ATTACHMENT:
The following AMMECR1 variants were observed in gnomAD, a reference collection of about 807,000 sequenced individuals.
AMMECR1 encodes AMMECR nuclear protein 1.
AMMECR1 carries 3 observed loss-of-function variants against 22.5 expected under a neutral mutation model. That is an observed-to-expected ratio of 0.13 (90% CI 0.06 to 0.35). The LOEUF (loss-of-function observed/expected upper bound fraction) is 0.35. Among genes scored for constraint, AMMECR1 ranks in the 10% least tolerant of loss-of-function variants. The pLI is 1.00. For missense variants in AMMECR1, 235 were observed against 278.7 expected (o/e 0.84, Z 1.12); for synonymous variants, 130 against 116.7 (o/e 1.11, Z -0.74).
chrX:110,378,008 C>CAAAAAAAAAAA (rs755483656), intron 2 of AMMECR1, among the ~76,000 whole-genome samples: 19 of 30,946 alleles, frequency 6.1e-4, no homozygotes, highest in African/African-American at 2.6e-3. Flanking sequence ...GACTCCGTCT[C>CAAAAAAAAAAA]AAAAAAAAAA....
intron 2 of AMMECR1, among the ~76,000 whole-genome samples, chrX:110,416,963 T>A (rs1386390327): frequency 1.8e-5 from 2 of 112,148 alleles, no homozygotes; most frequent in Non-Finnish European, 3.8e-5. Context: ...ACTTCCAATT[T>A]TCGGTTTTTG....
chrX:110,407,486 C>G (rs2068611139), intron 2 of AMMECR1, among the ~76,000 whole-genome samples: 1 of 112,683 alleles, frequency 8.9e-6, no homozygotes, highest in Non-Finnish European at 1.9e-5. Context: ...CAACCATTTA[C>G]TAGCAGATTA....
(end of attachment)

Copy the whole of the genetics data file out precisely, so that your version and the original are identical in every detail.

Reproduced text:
The following AMMECR1 variants were observed in gnomAD, a reference collection of about 807,000 sequenced individuals.
AMMECR1 encodes AMMECR nuclear protein 1.
AMMECR1 carries 3 observed loss-of-function variants against 22.5 expected under a neutral mutation model. That is an observed-to-expected ratio of 0.13 (90% CI 0.06 to 0.35). The LOEUF (loss-of-function observed/expected upper bound fraction) is 0.35. Among genes scored for constraint, AMMECR1 ranks in the 10% least tolerant of loss-of-function variants. The pLI is 1.00. For missense variants in AMMECR1, 235 were observed against 278.7 expected (o/e 0.84, Z 1.12); for synonymous variants, 130 against 116.7 (o/e 1.11, Z -0.74).
chrX:110,378,008 C>CAAAAAAAAAAA (rs755483656), intron 2 of AMMECR1, among the ~76,000 whole-genome samples: 19 of 30,946 alleles, frequency 6.1e-4, no homozygotes, highest in African/African-American at 2.6e-3. Flanking sequence ...GACTCCGTCT[C>CAAAAAAAAAAA]AAAAAAAAAA....
intron 2 of AMMECR1, among the ~76,000 whole-genome samples, chrX:110,416,963 T>A (rs1386390327): frequency 1.8e-5 from 2 of 112,148 alleles, no homozygotes; most frequent in Non-Finnish European, 3.8e-5. Context: ...ACTTCCAATT[T>A]TCGGTTTTTG....
chrX:110,407,486 C>G (rs2068611139), intron 2 of AMMECR1, among the ~76,000 whole-genome samples: 1 of 112,683 alleles, frequency 8.9e-6, no homozygotes, highest in Non-Finnish European at 1.9e-5. Context: ...CAACCATTTA[C>G]TAGCAGATTA....